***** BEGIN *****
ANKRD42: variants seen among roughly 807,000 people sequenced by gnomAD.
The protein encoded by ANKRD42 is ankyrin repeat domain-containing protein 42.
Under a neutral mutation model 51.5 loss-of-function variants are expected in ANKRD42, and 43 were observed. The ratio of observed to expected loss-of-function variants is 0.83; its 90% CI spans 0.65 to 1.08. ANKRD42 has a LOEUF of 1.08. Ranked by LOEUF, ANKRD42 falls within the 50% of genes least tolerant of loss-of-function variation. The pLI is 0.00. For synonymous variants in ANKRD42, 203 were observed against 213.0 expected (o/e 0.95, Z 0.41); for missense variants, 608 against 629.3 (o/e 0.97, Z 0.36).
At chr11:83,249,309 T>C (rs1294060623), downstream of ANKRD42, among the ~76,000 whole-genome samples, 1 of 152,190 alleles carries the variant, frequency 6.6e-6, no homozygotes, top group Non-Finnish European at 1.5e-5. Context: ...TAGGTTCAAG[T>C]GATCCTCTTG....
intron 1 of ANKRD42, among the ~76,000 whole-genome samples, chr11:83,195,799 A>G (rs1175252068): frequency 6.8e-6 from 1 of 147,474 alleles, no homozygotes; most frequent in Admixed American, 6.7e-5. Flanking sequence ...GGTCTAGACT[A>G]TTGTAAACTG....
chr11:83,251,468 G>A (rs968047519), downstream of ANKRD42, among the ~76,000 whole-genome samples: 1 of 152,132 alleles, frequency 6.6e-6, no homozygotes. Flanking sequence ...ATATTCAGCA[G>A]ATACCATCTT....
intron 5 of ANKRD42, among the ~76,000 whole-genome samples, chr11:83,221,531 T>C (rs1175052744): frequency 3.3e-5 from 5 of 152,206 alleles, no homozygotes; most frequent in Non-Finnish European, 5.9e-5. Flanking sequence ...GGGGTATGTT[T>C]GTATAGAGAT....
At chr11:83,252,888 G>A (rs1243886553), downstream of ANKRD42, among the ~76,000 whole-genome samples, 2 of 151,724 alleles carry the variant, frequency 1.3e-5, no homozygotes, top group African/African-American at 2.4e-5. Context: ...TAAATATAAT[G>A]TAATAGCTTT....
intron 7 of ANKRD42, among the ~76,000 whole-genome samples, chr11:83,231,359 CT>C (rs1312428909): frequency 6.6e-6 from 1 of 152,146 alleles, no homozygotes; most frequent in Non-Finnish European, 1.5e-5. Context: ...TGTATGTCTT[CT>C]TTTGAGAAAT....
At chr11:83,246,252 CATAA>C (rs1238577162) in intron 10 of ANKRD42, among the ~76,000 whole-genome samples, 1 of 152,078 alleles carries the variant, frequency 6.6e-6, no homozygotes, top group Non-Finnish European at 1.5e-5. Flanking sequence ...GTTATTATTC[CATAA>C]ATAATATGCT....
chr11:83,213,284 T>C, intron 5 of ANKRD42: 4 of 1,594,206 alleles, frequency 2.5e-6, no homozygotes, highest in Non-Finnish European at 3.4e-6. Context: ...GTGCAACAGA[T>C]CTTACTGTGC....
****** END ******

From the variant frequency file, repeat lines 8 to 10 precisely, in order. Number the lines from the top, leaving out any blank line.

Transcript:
At chr11:83,252,888 G>A (rs1243886553), downstream of ANKRD42, among the ~76,000 whole-genome samples, 2 of 151,724 alleles carry the variant, frequency 1.3e-5, no homozygotes, top group African/African-American at 2.4e-5. Context: ...TAAATATAAT[G>A]TAATAGCTTT....
intron 7 of ANKRD42, among the ~76,000 whole-genome samples, chr11:83,231,359 CT>C (rs1312428909): frequency 6.6e-6 from 1 of 152,146 alleles, no homozygotes; most frequent in Non-Finnish European, 1.5e-5. Context: ...TGTATGTCTT[CT>C]TTTGAGAAAT....
At chr11:83,246,252 CATAA>C (rs1238577162) in intron 10 of ANKRD42, among the ~76,000 whole-genome samples, 1 of 152,078 alleles carries the variant, frequency 6.6e-6, no homozygotes, top group Non-Finnish European at 1.5e-5. Flanking sequence ...GTTATTATTC[CATAA>C]ATAATATGCT....